Richie Allen @RichieAllenShow 1 hour ago
For posting so-called ‘grossly offensive songs’ on the internet, Chabloz was sentenced by District Judge John Zani to 20 weeks imprisonment suspended for two years. It seems that now music is deemed a major threat to Britain.
Chabloz was also banned from posting anything on social media for 12 months. I am perplexed. What kind of countries pre-vet social interaction and intellectual exchange? Israel imposes such prohibitions on its Palestinian citizens. Soviet Russia banned certain types of gatherings and publications and, of course, Nazi Germany saw itself qualified to decide what type of texts were healthy for the people and actively burned books. I guess that Britain is in good company.
Chabloz was further “ordered to complete 180 hours of unpaid work.” This amounts to something in the proximity of 90 Jazz gigs. And Chabloz is required to attend ‘a 20-day rehabilitation programme.’ In 21st century Britain, a singer songwriter has been sentenced to ‘re-education’ for singing a few tunes that offended some people. The initial objective of the Nazi Concentration camp was also to ‘re-educate the people.’ Dachau was built to re-educate cosmopolitans, dissenter communists and to make them into German patriots. I wonder what this particular rehab program will entail for the revisionist singer? Chabloz was guilty of introducing new lyrics to Ava Nagila, will she have now to learn to sing Ava Nagila in Yiddish, or maybe to try to fit her own original ‘subversive’ lyrics to the music of Richard Wagner? Who is going to take care of Chabloz’s education, and what happens if the singer insists on continuing to mock the primacy of Jewish suffering or far worse, compare Gaza to Auschwitz?
Satire aside, the Chabloz trial and other recent legal cases suggest to me that Britain is no longer the liberty-loving place I settled in more than two decades ago. If liberty can be defined as the right to offend, Britain has voluntarily removed itself from the free world. In contemporary Britain, exercise of the ‘right to offend’ evidently leads to conviction and possible imprisonment. And who defines what establishes ‘an offence’? British law fails to do so. Chabloz was disrespectful to some Jewish cult figures such as Elie Wiesel and Otto Frank (the father of Anne Frank). Would Chabloz be subject to similar legal proceeding if she offended the Queen, the royal family or Winston Churchill? What message is Judge Zani sending to British intellectuals and artists? Since every person, let alone Jews, can be offended by pretty much anything, Britain is now reduced to an Orwellian dystopia. We may have to accept that our big Zionist brother is constantly watching us. If we want to keep out of trouble, we better self-censor our thoughts and learn to accept the new boundaries of our expression.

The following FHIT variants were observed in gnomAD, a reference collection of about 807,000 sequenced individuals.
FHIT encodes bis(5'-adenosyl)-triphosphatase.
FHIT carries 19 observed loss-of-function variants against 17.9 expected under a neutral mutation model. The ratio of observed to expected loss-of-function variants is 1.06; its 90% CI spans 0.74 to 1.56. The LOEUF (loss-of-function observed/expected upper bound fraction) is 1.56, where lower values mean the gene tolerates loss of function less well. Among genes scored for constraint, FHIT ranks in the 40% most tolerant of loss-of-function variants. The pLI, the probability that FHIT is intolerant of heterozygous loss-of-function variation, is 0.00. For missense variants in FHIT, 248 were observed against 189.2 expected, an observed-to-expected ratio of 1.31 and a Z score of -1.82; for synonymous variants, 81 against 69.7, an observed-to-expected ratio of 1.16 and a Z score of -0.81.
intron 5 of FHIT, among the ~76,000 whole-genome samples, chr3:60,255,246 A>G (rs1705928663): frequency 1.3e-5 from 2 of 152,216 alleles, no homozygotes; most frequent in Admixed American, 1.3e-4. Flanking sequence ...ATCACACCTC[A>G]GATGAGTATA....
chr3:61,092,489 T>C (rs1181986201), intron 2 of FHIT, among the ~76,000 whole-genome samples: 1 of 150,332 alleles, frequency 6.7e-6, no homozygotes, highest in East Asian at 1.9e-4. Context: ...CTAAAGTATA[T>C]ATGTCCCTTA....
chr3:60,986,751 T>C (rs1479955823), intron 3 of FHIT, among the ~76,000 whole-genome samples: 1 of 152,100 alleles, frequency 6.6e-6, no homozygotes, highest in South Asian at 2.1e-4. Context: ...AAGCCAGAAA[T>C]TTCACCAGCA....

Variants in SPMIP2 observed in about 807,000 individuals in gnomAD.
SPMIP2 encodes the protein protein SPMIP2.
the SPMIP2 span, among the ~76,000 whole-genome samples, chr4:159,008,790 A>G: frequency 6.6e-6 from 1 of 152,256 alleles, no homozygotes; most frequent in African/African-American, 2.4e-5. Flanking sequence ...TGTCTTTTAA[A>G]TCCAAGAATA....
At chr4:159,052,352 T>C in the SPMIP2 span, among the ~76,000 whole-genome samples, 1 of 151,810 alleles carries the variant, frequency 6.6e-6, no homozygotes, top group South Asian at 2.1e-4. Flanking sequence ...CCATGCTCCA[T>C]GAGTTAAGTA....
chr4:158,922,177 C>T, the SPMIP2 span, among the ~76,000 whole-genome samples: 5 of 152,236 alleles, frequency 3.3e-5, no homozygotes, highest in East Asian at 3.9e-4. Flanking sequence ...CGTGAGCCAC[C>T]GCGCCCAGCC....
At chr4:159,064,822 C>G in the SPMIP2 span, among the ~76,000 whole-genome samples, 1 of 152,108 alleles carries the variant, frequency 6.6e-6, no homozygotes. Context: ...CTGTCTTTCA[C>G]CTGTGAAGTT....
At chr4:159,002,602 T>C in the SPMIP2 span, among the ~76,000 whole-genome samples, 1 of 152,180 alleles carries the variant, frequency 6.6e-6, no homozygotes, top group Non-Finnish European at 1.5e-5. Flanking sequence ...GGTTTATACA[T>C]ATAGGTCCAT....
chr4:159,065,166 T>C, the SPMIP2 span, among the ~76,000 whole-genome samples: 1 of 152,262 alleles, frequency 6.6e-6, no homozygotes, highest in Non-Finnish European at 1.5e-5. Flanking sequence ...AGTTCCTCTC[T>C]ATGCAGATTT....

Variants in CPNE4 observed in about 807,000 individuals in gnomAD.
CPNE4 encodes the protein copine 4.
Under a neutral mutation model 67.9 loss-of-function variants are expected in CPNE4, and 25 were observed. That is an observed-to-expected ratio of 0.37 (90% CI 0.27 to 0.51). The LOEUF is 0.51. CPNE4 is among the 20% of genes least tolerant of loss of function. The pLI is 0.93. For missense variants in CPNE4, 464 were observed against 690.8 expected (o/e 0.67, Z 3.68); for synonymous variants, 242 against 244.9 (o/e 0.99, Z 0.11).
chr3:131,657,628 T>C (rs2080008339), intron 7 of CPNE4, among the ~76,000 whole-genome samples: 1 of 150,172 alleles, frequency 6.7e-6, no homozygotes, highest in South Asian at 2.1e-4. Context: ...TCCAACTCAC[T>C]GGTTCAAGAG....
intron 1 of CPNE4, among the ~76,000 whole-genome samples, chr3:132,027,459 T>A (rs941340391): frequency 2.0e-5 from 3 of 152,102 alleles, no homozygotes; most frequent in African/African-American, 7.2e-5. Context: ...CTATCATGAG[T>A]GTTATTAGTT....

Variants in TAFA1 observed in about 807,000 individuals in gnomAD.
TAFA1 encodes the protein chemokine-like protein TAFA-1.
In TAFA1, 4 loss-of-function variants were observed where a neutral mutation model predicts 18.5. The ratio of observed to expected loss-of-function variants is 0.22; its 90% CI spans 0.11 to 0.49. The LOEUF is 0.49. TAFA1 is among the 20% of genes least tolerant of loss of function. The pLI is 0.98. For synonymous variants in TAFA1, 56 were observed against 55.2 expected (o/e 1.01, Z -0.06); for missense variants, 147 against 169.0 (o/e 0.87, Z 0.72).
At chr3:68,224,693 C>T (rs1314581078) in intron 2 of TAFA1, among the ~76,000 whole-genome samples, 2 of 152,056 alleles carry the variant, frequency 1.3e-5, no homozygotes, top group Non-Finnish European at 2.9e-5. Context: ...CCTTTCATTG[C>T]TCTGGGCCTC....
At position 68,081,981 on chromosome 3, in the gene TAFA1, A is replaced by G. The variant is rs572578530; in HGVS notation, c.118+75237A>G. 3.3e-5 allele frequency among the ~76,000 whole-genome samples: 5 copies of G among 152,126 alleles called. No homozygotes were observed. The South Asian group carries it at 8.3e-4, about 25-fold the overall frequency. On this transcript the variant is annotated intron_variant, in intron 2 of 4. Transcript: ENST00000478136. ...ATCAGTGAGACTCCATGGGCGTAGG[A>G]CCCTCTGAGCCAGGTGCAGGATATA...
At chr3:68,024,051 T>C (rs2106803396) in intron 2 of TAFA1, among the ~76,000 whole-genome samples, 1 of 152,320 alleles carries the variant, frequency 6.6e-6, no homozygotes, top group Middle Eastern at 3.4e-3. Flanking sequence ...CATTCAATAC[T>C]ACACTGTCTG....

Democracies are sustained by the belief that their members are qualified to make decisions regarding their own education: they decide what films to watch, what books to read and what clubs to join. Seemingly, this is no longer the case in Britain. Decisions regarding right and wrong thoughts are now taken by ‘the law’. According to the JC, Judge Zani told Chabloz that :“The right to freedom of speech is fundamental to a fully-functioning democratic society. But the law has clearly established that this right is a qualified right.”
While many of us believe that freedom of speech is an absolute right, Judge Zani made it clear today that this is not the case or at least not anymore. Freedom of speech in Britain is now a ‘qualified right.’ In other words Government and the Judicial system are allowed to interfere with such right at any time. Just two years ago, the Crown Prosecution Service didn’t think that Chabloz should stand trial. Presumably at the time the CPS didn’t believe that Chabloz’ rights should be qualified or quantified. Two years later there has been a clear change in speech that is prosecuted.
Article 19e of The Universal Declaration of Human Rights, signed by Great Britain and enacted in 1948 declares: “Everyone has the right to freedom of opinion and expression; this right includes freedom to hold opinions without interference and to seek, receive and impart information and ideas through any media and regardless of frontiers.”
This was the law in 1948. In 2018, freedom and democracy are rights we have to remember, we experience them no more.